Truly great movie trilogies are few and far between. Historically, it seems fairly straightforward to make a good film and a sequel that either equals, tops or slightly disappoints, but then the whole thing gets sullied by a dismal third film. I’ve done what I can to find trilogies where all three films stand up. I’ve also somewhat reluctantly ignored any franchises with more than three films in it, so I’m afraid Die Hard, Indy and Star Wars didn’t get a look in, even though in each case the first three films are quite clearly the greatest. Annoyingly this also meant I couldn’t use Resident Evil as the worst trilogy, ah well. Also, no loose trilogies, like Baz Luhrman’s Red Curtain trilogy or Park Chan-Wook’s Vengeance trilogy.
5. Jurassic Park
Spielberg’s dino-fuelled rollercoaster ride is a prime example of cinematic perfection, as I may have mentioned here
. The Lost World
made a good stab at matching it but only just failed, though it took the story of dinosaurs cloned from fossilised DNA in interesting directions, but part three
disappointingly all but rewrote the first film, but with little of the original’s flair.
4. The Dollars Trilogy
I’ve already discussed these films here
, and they deserve their place for being some of the, if not the, greatest westerns ever made, though Leone’s other classic Once Upon a Time in America
shouldn’t be forgotten either. Effortlessly cool, from Ennio Morricone’s chilling yet unforgettable score, the wonderful dialogue, terrific characters and the greatest stand-off ever seen (this’ll probably come up in a future list).
3. The Godfather Trilogy
Though I’ve unforgivably only seen these films once (they’re so damn long and partly subtitled, so it’s difficult to find the time or watch them with my subtitle-hating friends) they’ve still made such an impact on me due to the elegant storytelling and sheer scale of acting on display. Fear not, they’re all on the list, and The Godfather sits proudly at the top of Empire’s reader’s poll.
2. Lord of the Rings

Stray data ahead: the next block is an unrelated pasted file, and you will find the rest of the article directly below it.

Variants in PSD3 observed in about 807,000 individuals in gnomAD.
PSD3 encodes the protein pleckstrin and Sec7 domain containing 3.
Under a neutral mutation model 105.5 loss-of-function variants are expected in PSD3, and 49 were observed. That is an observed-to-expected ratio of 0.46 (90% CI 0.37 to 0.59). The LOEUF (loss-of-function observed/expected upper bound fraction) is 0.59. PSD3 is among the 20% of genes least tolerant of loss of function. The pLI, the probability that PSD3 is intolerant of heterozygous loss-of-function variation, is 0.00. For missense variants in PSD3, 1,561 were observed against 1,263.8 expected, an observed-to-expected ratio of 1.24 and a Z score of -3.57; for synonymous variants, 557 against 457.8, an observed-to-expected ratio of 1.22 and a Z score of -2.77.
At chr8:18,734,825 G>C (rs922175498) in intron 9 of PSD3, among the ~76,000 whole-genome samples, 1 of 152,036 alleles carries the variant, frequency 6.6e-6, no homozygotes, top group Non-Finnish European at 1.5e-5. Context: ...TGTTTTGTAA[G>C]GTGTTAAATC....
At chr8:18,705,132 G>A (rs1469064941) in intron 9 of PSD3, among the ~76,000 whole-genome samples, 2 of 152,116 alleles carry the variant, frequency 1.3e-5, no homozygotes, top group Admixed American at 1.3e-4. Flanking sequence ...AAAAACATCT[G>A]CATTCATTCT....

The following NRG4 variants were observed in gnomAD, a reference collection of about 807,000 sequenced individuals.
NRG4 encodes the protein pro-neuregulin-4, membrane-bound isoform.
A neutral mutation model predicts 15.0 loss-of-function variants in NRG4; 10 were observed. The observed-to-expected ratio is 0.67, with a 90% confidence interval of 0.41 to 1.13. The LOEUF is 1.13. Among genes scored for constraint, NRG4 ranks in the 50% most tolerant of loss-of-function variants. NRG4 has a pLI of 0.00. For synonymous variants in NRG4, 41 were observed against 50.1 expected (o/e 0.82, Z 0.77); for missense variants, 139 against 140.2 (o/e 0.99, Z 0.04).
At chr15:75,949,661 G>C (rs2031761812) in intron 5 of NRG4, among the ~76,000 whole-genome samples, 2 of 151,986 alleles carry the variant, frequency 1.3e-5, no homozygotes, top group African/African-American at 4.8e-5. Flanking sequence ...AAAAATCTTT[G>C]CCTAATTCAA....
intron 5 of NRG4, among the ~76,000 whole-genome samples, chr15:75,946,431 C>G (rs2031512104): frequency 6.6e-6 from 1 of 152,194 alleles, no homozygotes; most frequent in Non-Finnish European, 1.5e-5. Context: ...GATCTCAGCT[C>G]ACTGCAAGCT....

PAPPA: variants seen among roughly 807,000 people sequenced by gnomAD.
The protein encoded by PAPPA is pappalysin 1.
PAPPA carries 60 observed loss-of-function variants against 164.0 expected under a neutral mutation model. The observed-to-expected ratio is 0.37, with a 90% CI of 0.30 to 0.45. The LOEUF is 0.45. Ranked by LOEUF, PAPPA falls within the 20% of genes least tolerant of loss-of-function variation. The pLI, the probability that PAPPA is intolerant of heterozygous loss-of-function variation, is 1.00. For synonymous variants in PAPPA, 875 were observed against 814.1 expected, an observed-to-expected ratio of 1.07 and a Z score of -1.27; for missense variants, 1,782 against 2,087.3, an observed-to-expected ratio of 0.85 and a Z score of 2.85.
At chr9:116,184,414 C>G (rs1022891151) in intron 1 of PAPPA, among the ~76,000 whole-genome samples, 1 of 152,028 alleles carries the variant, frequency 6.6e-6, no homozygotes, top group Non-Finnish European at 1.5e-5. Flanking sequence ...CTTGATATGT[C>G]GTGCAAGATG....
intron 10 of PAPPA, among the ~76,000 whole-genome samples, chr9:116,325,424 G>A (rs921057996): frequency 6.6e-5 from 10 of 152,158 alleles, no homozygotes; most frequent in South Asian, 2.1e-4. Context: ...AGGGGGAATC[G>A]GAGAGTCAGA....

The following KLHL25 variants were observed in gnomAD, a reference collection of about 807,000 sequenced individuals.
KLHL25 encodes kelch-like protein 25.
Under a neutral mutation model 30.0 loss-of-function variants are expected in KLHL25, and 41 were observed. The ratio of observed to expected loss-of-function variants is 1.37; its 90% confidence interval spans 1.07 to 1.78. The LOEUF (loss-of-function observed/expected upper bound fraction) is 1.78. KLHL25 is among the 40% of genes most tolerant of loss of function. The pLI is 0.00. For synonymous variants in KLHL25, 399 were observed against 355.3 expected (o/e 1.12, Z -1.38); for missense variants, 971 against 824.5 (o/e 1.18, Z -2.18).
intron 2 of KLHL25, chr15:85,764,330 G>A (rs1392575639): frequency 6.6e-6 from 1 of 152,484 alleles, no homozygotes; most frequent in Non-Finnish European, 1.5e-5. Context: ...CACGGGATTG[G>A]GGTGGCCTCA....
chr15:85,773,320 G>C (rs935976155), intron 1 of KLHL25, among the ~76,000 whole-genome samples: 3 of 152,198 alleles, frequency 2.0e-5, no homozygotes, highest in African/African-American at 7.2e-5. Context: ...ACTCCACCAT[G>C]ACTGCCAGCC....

The very definition of epic, this sweeping saga has something for everyone. Yes, it’s ridiculously long, especially if you watch the extended editions, there’s too many endings and there’s only so much of Elijah Wood’s teary-eyes gaze mere mortals can withstand, but the sheer scale on offer here, especially in the many glorious battle sequences, that you cannot help but be dumbfounded. See my full review here
1. Toy Story
No surprises here, considering my adoration for most things Pixar, but the Toy Story trilogy has something more than personal. From the menagerie of lovable supporting characters, a broad humourous streak, top notch storytelling and pixel perfect animation, there isn’t a weak link in the series. It’s been marred slightly by the recent short in front of The Muppets that doesn’t give itself enough time to embrace the new characters or let the established ones breathe, but as a trilogy it’s nothing short of perfect.
The Matrix – Part one is a cinematic landmark and a surefire modern classic, but the overly wordy and uneven sequels deny it a place.
Back to the Future – A perfect first film gave way to sequels that whilst entertaining, could do nothing but lie in the shadow of their predecessor.
And the worst…
This was a difficult choice, for if I didn’t like the first film in a trilogy, chances are I’ve shied away from the latter two, and as mentioned many sets have a terrible third film, but only got that far thanks to pretty good first films. Also, a lot of trilogies have gaps in for me, for example I still haven’t seen Transformers: Dark of the Moon, Narnia: Prince Caspian, Van Wilder 3, Hostel 2 & 3 or High School Musical 1 & 3 (2 was watched under duress). So, though there way well be worse trilogies out there, but the key thing is that I haven’t seen them. Though this position probably rightly deserves the likes of the Alvin and the Chipmunks series or the magnum opus that is Big Momma’s House, alas it must go to…
The first one has it’s moments, with a half decent finale, and there are some chuckles throughout, but the only reason to really watch is Jackie Chan’s always impressive martial arts. Chris Tucker has never been my cup of tea, and here he’s on Fifth Element levels of annoying, and he shares little to no chemistry with Chan throughout all of these semi-racist movies that attempt to mine most of their humour from the differences between Chinese and American cultures.